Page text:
Saturday, 10 March 2012

Clerics & cosmic powers in Old Aalia

When I was initially thinking about running a Labyrinth Lord campaign, in around December 2010, one of the original conceptions which I wanted to include in the game world was that of "petty gods". (Actually I was originally thinking I'd use the book of that name as the list of deities in the world. I had to come up with my own in the mean time ;)

The concept was that the entities which people name "gods" are highly localised, in no way omniscient or omnipotent, generally alien or non-benign, and that while they may be immortal and may command miraculous magical powers, they are not the kind of beings which can grant the powers which a standard D&D cleric wields. There may be an entity which can bestow gifts of healing, curing diseases, or even raising the dead, but that same entity will have no ability to grant blessings in battle, create light or food or water, detect evil or magic, and so on. In that context the cleric class, with its grab-bag of miraculous biblical abilities, makes no sense whatsoever. So at the dawn of my imagined world it was clear that there would be no clerical adventurers.

Since that original conception it's been a long road of back and forth where clerics are concerned. When the first characters were rolled up I made it clear: the cleric class is out -- you can worship cosmic entities, but there's no concept of a priestly adventuring class. Then for a time I allowed clerics, initially due to not being able to think of a decent way of handling PC healing in the absence of the class. Recently it became once again clear to me however (after there having been two major cleric PCs in the campaign) that the class still really didn't make sense in the setting, that it was preventing me from properly portraying the world I had imagined*, and that I should have stuck with my original feeling -- the clerics had to go!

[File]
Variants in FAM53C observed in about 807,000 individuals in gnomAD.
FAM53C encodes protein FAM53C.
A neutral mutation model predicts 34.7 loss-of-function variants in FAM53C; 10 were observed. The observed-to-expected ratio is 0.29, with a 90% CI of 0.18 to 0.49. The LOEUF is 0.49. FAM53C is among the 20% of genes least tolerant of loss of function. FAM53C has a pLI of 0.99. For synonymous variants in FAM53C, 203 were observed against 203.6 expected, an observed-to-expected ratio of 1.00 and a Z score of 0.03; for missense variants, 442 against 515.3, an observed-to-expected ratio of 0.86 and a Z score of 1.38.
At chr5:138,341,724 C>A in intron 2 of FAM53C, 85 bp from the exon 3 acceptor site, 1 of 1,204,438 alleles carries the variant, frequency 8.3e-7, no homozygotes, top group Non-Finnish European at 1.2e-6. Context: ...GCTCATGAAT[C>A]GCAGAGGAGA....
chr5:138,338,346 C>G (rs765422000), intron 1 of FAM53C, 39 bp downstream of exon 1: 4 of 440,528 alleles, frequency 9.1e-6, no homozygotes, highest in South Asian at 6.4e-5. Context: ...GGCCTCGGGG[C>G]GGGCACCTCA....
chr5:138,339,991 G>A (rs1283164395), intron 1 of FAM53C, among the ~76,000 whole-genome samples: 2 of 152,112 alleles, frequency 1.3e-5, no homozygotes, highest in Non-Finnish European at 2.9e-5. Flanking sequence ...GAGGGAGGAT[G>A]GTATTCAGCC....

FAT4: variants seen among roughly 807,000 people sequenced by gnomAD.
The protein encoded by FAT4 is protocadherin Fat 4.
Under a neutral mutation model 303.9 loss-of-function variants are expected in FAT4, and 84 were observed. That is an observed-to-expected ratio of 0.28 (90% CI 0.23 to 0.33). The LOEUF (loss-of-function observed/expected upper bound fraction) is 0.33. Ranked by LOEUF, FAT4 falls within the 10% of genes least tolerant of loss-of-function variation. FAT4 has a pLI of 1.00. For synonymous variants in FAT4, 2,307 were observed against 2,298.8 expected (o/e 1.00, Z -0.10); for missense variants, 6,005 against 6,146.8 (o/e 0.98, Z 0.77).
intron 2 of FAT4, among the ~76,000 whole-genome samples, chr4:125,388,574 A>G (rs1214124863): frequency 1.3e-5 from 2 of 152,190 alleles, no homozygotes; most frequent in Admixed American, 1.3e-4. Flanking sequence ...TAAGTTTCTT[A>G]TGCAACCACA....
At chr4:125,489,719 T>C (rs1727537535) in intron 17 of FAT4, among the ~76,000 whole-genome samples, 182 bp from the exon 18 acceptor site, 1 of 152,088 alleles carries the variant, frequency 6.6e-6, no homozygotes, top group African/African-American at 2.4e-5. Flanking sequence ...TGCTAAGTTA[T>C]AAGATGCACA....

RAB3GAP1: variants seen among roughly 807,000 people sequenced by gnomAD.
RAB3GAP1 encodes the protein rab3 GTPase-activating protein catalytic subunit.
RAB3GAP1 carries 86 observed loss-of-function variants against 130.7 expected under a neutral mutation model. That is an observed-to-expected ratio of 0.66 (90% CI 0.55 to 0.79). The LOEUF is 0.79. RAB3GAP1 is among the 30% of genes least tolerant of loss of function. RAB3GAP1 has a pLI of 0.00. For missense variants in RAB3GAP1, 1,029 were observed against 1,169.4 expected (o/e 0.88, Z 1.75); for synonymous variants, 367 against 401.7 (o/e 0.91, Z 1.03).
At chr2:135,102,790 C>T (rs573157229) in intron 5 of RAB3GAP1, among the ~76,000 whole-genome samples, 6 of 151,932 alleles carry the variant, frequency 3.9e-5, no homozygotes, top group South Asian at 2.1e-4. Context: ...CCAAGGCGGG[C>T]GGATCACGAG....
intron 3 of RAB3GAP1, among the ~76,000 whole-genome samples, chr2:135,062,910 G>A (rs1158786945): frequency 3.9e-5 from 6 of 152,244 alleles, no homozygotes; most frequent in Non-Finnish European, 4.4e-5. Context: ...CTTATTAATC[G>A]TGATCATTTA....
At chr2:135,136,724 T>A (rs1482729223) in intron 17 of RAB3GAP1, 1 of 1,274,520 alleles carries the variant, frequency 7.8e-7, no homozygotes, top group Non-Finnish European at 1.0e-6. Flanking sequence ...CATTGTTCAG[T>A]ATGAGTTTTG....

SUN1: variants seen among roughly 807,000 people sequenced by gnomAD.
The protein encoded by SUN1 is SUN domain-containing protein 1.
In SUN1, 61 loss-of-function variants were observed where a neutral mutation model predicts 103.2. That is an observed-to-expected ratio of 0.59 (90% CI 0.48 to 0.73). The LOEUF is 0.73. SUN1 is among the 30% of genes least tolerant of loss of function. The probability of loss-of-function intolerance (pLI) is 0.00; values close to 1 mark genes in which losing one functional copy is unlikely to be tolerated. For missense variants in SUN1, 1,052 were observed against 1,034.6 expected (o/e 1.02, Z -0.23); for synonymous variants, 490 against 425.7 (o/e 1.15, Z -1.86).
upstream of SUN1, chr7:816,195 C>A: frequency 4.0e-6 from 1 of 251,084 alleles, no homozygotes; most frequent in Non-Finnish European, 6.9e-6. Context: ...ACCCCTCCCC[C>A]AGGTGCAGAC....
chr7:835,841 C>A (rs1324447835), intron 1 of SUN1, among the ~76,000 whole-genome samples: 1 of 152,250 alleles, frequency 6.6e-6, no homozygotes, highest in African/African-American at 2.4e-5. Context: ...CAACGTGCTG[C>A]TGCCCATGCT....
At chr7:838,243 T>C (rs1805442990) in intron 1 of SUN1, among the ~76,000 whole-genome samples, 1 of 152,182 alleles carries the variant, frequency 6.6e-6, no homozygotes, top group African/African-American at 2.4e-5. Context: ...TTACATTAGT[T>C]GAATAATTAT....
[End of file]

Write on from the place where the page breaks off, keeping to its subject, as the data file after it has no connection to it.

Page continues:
Now I would never be so dictatorial as to tell a player "your class doesn't exist any more so your character will have to change or retire". I told the cleric's player that his character would not be affected by any changes I might decree, even if it made him the "last of his kind".

However as fate would have it (and it really was fate, lest I be accused of deliberate PCicide!), the party's cleric died a horrible death last session, so the coast is now clear, so to speak. Old Aalia is free of clerics once more!

Now, I realised, I just have to give the players some nice details about what these petty gods of their world are like, and, in the absence of clerics, what they can do for adventurers. I'm going to be using the impetus of the April A-Z challenge to produce a bulk of material to this end. I've also written a short introduction to this topic, which you can read below.